Every couple of years a sprinkler may break or you may need to replace a timer. Hoses sometimes fail, but now that you know how to mend them, that's no problem either. I've had a permanent underground system before and it is no different. Parts fail. We fix them. It gives us an excuse to go to Home Depot.

Step 8: The Final Talley

I'm watering both sides of my front yard, my back yard, and flower beds in the front and sides of the house. To accomplish this, I am using the following:

3 4-way splitters@ $12.99.................................................. $38.97
3 Gilmor Adjustable Impact Sprinklers@ $19.99............$59.97
7 Shrub Sprinklers & Flow-Thru Spikes@$10.99............$76.93
2 50ft Goodyear Black Heavy Duty Hose@$24.99...........$49.98
3 Melnor Single Faucet Timers@$24.99...........................$74.97
1 Melnor Double Timer..........................................................$39.99
15 Misc Hose Menders Male/Female @$2.99..................$44.85
1 Box Hose Guide Spikes.....................................................$12.99
6 Tent Stakes@$0.50.............................................................$3.00
TOTAL $401.65
Wow, I can't believe I spent that much!!

Actually, my system has expanded over the years, and I used some of the sprinklers and timers in my previous house. So, it really didn't hit my wallet all at once. When you take into consideration that I've been able to avoid buying a permanent sprinkler system at two different homes, it really isn't that expensive.

So there you have it. That's my first instructable. I hope you liked it.
<p>Might I recommend using soaker hoses intertwined with your bushes instead of mister heads? The soaker hose can be hidden under the gravel or mulch and will water the bushes very nicely. </p>
<p>What is the easiest and cleanest way to cut the hose?</p>
I used a serrated kitchen knife and sawed at it.
<p>Live in NC, on county water in sub with insufficient outdoor faucet pressure to use 2,3,or4 split manifold effectively. Is there a small booster pump available to buy that can be added pre-manifold to step up pressure to use multiple hoses? Excellent concept. Thank u. </p>
You wouldn't run 2 or 3 at once. You set the timers so that they go off at different times. That way you aren't splitting pressure.<br>I don't think anyone's public water is highly pressured enough to run more than one sprinkler effectively.<br>
<p>Brilliant concept easy to install and cost effective as well. i have installed the same system in my garden but with a slight difference where you used timers i have instead used a Bluetooth receiver module which i am able to control via my cell phone allowing me to choose when i want the system on or off, my reason for doing this is due to rain if it rains i don't want the system to come on if i used timers its a mission to program.</p>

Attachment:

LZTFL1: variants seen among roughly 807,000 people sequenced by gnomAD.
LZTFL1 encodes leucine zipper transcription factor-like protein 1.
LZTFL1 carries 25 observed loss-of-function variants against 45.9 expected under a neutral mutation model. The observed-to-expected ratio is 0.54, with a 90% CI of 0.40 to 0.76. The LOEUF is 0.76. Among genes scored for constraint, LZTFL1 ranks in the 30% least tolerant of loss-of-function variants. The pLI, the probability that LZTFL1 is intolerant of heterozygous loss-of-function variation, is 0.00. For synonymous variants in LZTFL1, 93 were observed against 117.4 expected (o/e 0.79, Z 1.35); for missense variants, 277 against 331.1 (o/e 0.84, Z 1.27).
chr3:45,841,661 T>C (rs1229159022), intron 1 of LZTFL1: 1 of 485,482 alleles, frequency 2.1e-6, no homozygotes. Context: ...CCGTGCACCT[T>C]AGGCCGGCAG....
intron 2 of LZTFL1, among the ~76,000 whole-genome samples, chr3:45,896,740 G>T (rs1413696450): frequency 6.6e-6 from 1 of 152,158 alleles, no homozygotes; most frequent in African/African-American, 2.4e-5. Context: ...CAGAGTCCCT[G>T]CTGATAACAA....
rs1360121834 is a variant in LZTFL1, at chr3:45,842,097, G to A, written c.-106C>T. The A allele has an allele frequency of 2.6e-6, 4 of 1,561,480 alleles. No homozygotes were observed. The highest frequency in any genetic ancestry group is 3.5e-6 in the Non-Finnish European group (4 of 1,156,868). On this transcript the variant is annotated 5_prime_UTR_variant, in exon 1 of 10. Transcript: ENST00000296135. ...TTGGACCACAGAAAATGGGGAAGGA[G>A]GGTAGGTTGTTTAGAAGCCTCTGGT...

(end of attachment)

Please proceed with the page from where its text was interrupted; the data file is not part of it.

<p>AWESOME!!!</p><p>I don't want to say I am being cheap but I am doing this SAME method.</p><p>I can't see spending $2k to an in ground sprinkler system when I can do this method and hide everything as far as the hoses are concerned under the mulch! (They only need to spray the front lawn and not that big of one at that...)<br><br>I was going to ask about the hose and custom length and glad I saw how you did it. I couldn't find anything under 25' in the stores, making custom length run of hoses would be ideal for this!</p><p>I was initially going to use the spike lawn sprinklers and hide them behind or beside a bush so you wouldn't see them... now I am thinking of buying two in ground units and then simply attaching them like the above and turning on the water manually... It's only for the front yard, nothing huge and only needs to go to the front and sides.</p><p>This has given me so many ideas!!</p><p>-Nigel</p>
i would use the lawnbelt system i just found. <br>
Can I use that same type of HOSE while burying it under ground? I want to use your concept but to install pop-up sprinklers
I have been thinking about how to water my front and back yard without incurring in big expenses (I can't afford it) and I thought about doing what you did (right now I have something similar above ground) but I notice there is not enough psi in one faucet to connect more than two sprinklers. Would a manifold solve my problem? or would I need more faucets? I moved to Texas from Florida five years ago and I it worries me the separation of the soil from the foundation thus watering more often is urgent. Any advice will be appreciated.
stagger the times, I agree with jchlimoun. <br>Sorry for the late reply. These replys go to an old email address
Your best bet is to use multiple timers at the outlets of a manifold and stagger the times so that no more than two are on a time. The manifold alone will do nothing for you, and adding more faucets doesn't give your house's water supply more pressure... it's like you're trying to drive a 10A load with a 2A power supply... running more wires doesn't change anything.<br><br>Commercial sprinkler systems do this using zones. The installer is supposed to size the zones and partition them off, and set up the timers in such a way that no more than X number of zones operate at a time, based on how much pressure each zone requires and how much is available.